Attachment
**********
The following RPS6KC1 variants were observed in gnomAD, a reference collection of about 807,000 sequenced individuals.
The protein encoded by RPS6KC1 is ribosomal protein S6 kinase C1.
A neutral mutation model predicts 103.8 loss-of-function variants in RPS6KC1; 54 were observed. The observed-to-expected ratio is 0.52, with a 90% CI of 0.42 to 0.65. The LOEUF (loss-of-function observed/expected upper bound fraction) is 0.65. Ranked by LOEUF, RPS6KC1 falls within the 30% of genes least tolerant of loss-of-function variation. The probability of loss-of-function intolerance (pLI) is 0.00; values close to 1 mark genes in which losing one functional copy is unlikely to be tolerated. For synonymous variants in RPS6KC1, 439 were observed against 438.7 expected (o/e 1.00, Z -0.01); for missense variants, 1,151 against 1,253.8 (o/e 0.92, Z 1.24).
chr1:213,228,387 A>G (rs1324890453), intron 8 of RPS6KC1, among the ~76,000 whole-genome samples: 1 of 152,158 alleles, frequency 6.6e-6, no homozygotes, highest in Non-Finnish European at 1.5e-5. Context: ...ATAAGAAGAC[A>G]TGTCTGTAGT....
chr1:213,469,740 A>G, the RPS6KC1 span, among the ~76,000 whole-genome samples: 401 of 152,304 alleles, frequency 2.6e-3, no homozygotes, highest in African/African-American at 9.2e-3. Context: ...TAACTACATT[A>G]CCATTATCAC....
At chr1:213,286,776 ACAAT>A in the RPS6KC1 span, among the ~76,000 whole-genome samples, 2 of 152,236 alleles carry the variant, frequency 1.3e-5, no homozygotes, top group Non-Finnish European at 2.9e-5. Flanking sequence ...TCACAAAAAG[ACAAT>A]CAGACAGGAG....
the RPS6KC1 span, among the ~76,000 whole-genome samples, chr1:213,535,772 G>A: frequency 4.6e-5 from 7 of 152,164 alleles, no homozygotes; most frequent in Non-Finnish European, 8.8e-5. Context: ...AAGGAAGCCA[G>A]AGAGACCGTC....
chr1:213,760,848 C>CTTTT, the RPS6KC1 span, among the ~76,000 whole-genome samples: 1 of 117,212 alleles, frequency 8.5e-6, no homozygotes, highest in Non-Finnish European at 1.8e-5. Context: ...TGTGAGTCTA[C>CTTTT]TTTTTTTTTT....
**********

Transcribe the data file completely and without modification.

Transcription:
The following RPS6KC1 variants were observed in gnomAD, a reference collection of about 807,000 sequenced individuals.
The protein encoded by RPS6KC1 is ribosomal protein S6 kinase C1.
A neutral mutation model predicts 103.8 loss-of-function variants in RPS6KC1; 54 were observed. The observed-to-expected ratio is 0.52, with a 90% CI of 0.42 to 0.65. The LOEUF (loss-of-function observed/expected upper bound fraction) is 0.65. Ranked by LOEUF, RPS6KC1 falls within the 30% of genes least tolerant of loss-of-function variation. The probability of loss-of-function intolerance (pLI) is 0.00; values close to 1 mark genes in which losing one functional copy is unlikely to be tolerated. For synonymous variants in RPS6KC1, 439 were observed against 438.7 expected (o/e 1.00, Z -0.01); for missense variants, 1,151 against 1,253.8 (o/e 0.92, Z 1.24).
chr1:213,228,387 A>G (rs1324890453), intron 8 of RPS6KC1, among the ~76,000 whole-genome samples: 1 of 152,158 alleles, frequency 6.6e-6, no homozygotes, highest in Non-Finnish European at 1.5e-5. Context: ...ATAAGAAGAC[A>G]TGTCTGTAGT....
chr1:213,469,740 A>G, the RPS6KC1 span, among the ~76,000 whole-genome samples: 401 of 152,304 alleles, frequency 2.6e-3, no homozygotes, highest in African/African-American at 9.2e-3. Context: ...TAACTACATT[A>G]CCATTATCAC....
At chr1:213,286,776 ACAAT>A in the RPS6KC1 span, among the ~76,000 whole-genome samples, 2 of 152,236 alleles carry the variant, frequency 1.3e-5, no homozygotes, top group Non-Finnish European at 2.9e-5. Flanking sequence ...TCACAAAAAG[ACAAT>A]CAGACAGGAG....
the RPS6KC1 span, among the ~76,000 whole-genome samples, chr1:213,535,772 G>A: frequency 4.6e-5 from 7 of 152,164 alleles, no homozygotes; most frequent in Non-Finnish European, 8.8e-5. Context: ...AAGGAAGCCA[G>A]AGAGACCGTC....
chr1:213,760,848 C>CTTTT, the RPS6KC1 span, among the ~76,000 whole-genome samples: 1 of 117,212 alleles, frequency 8.5e-6, no homozygotes, highest in Non-Finnish European at 1.8e-5. Context: ...TGTGAGTCTA[C>CTTTT]TTTTTTTTTT....